Narrator: Coleen Marlo
Series: Ghost Seer #1
Published by Audible Studios, Berkley on June 17, 2014
Genres: Paranormal Romance
Length: 9 hours 54 minutes
There’s just something about Clare. Apart from the ghosts…...
When her eccentric aunt passes away, no-nonsense accountant Clare Cermac inherits more than just a small fortune. She receives the gift of communicating with ghosts. While Clare may not believe in spirits, it’s hard to overlook the shadowy talking dog appearing on her bed or spectral cowboys tipping their hats to her in the streets of Denver. And when she locks eyes with sexy—and living—Zach Slade, there’s certainly no ignoring him either.
A former deputy sheriff, Zach is leaving a painful past behind in Montana for a new life in Denver as a private investigator, a job that has him crossing paths with beautiful Clare. Not that she minds. After the restless ghost of a Wild West gunman demands her assistance, Clare finds herself needing Zach more and more—and not just for help.
My Initial Reaction…
I really enjoyed this new series from Robin D. Owens. Ghost Seer provided a fresh new fantasy world and fun characters that I look forward to exploring in the future.
Coleen Marlo was a solid narrator. She delivered solid voices for each of the characters and the real treat, for me at least, was the voice she gave to Enzo. Enzo is a ghost dog who becomes Claire’s guide and Coleen Marlo nailed his voice. I SAW a dog everytime he spoke because it was just so spot on. I’m definitely adding her to my list of approved narrators.
Ghost Seer is told from two perspectives – Claire Cermac and Zach Slade. I loved the parts from Claire’s perspective, but Zach could be annoying. I wonder if I wouldn’t have enjoyed Ghost Seer more if it had been told entirely from Claire’s point of view.
Claire’s aunt has just died, leaving her a massive inheritance. But it came with strings – Claire has the family gift, she can see ghosts and help them “move on.” Up until this point, Claire was a successful accountant, but she felt it would be wrong to keep a good job someone else might really need – so she quit. That little detail spoke volumes about her character, which was reinforced for me as the story went on. Claire is a good, decent person who really thinks about the consequences of what she does for others. I loved the little details that Owens included about Claire paying percentages for tips and the way she organized and detailed things – it felt like the sort of details you’d expect an accountant to care about and it really made Claire real. And then there was the way she handled seeing ghosts – she went through a real struggle to accept what she was seeing, even hiring a top-of-the line psychiatrist to help her.
Zach is also going through a big life change – though I can’t hardly see how it compares to what Claire is going through. When the book opens, he’s a cop who’s been shot and can no longer work in the field because of a drop ankle. He moves to Denver CO (which is where Claire already lives) and gets started at a PI firm. I do feel bad for him that he can’t be a cop anymore – it’s obvious that he loved what he did and it’s where he feels best. But the man just wouldn’t stop complaining about having to go private. Ex-cops and Ex-military make that move all the time – yet somehow he had a harder time dealing with what was happening to him than Claire did with her life changes. I guess further proof that women are tougher then men 😉 But I did still like Zach – he’s a good person, has good intentions, and I liked the way he dealt with his elderly client. Very respectful and caring. So I hope he just stops complaining, accepts the changes around him and then I’ll love him too.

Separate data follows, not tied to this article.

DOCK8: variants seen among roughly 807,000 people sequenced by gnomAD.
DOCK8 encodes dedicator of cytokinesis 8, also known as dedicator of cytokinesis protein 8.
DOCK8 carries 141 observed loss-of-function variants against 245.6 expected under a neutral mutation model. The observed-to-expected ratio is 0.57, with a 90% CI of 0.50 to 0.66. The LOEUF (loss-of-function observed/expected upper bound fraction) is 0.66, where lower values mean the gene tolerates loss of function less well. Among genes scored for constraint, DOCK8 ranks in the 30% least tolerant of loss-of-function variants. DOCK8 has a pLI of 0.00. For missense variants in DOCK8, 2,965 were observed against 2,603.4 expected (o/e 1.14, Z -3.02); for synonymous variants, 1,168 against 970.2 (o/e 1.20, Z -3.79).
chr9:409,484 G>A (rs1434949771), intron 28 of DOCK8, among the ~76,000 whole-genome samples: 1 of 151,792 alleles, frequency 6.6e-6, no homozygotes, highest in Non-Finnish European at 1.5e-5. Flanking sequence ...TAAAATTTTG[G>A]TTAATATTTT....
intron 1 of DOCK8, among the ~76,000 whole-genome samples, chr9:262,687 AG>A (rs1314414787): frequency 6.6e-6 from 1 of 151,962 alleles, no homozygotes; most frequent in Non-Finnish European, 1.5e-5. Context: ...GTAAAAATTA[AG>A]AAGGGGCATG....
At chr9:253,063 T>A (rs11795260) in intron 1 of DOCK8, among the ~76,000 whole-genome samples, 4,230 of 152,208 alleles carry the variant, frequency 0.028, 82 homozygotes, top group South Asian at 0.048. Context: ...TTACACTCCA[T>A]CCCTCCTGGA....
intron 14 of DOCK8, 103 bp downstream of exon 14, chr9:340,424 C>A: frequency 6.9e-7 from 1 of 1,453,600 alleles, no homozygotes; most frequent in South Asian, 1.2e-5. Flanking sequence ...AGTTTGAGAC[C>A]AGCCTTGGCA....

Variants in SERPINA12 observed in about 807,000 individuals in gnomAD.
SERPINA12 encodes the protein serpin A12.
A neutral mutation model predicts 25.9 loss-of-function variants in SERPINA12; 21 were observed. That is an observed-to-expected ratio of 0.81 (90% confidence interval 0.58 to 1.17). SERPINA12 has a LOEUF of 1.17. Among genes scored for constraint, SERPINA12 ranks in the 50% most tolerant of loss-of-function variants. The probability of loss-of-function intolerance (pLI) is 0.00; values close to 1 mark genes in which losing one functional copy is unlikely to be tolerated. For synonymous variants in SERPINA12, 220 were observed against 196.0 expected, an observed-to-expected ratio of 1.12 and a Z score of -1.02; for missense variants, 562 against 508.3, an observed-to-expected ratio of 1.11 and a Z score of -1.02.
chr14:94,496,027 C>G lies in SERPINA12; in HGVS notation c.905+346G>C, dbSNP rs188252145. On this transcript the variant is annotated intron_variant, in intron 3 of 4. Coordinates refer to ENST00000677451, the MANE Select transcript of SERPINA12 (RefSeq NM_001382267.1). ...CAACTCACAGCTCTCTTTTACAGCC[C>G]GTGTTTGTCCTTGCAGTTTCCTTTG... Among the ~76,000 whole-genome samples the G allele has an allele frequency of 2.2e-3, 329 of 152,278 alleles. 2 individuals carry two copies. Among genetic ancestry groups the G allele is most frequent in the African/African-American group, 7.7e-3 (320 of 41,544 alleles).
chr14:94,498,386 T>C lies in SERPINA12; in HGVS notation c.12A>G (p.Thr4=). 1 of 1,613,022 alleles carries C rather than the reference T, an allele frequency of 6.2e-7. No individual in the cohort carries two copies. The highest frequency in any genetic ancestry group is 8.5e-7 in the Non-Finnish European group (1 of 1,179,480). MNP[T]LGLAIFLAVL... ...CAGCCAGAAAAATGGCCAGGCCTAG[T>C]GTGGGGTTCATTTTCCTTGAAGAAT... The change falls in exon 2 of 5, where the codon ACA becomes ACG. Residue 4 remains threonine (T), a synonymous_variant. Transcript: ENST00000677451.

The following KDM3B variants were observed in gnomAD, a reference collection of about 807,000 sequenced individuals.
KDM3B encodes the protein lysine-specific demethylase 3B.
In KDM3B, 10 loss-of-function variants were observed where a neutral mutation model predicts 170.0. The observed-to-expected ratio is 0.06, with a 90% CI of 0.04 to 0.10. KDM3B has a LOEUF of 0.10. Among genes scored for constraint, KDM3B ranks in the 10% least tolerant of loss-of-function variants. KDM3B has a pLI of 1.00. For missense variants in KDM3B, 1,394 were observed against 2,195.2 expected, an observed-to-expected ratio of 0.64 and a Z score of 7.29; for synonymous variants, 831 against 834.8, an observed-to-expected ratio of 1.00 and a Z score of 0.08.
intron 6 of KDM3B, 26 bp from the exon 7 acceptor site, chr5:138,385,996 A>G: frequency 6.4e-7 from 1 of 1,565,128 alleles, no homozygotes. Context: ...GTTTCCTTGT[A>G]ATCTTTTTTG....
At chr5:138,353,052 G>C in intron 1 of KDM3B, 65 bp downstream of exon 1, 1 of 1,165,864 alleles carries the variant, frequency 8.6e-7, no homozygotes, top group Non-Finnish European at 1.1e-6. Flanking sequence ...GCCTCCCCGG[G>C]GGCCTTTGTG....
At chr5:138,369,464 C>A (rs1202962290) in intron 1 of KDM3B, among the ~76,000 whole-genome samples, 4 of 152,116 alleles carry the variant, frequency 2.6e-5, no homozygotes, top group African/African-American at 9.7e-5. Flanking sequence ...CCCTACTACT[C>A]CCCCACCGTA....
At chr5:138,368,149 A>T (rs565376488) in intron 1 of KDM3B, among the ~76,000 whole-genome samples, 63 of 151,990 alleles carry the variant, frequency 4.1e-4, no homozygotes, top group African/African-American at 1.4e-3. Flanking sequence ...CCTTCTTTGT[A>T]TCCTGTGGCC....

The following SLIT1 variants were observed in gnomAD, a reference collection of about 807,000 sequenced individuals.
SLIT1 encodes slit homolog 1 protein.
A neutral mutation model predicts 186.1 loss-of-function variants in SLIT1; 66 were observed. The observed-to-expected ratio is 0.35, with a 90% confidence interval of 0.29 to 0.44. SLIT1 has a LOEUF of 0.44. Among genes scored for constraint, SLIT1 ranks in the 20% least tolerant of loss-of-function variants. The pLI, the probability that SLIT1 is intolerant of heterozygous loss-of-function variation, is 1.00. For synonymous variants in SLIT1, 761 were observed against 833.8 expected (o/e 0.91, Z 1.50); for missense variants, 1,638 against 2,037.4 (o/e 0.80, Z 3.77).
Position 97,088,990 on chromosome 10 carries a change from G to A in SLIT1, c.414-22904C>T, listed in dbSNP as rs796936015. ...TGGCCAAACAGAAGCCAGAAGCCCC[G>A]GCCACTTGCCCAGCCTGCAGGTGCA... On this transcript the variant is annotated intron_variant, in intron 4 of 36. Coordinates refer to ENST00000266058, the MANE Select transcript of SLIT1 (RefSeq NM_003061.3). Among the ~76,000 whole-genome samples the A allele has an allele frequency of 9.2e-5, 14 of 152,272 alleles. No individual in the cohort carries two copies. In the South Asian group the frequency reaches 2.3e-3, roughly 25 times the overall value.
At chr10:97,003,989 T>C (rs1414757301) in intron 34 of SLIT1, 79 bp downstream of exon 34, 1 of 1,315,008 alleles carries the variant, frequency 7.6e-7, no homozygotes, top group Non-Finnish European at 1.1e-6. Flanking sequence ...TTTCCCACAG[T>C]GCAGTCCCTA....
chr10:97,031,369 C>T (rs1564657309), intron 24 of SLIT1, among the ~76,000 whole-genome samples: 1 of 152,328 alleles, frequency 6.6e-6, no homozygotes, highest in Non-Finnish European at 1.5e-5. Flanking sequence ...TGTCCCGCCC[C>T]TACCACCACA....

My absolute FAVORITE character was Enzo. I love animal companions in books – especially ones like Enzo that are a BIG part of the book. He talks to Claire, guides her and runs around acting like a dog. He has some other – somewhat malevolent seeming (to me) – spirit attached to him though and that totally creeped me out. Sometimes that voice would take over and give Claire instructions and I hope we’ll get a better idea of what/who that spirit is in future books.
The world build in The Ghost Seer was great too. We’re basically in our world and there are some people – like Claire and, to some extent, Zach – who have an extra sense for the “other worldly things.” Zach has this rhyme he learned as a kid about crows and apparently if you see x number of crows it means something different than xy number of crows. It was really neat – though Zach tried really hard to not accept his ability, so that was frustrating, much like his whining about his situation.
The really really cool part, though, was Claire’s gift. I might better call it a curse, though, because it comes with some serious baggage. There are so many rules about her ability – the biggest one being that if she doesn’t accept her gift, she will go crazy and die. And Claire’s struggle to deal with her gift starts taking a serious toll – she’s always freezing, she can’t eat, sleep — she was literally dying slowly as the book progressed. Yikes! See what I mean about her having it worse than Zach? Another cool aspect was that she can see ghosts – but not all ghosts. She has the ability to see a specific time period – roughly 1850 – 1900 if I remember correctly. This worried me because her ghosts are kind of western and that’s not really my thing. But it never went too far down that path and really just through in a bit of fun history to a very modern plot and world.
Ghost Seer is a really inventive twist on your standard clairvoyant story and, with characters that I love, I plan to read the next one when it comes out.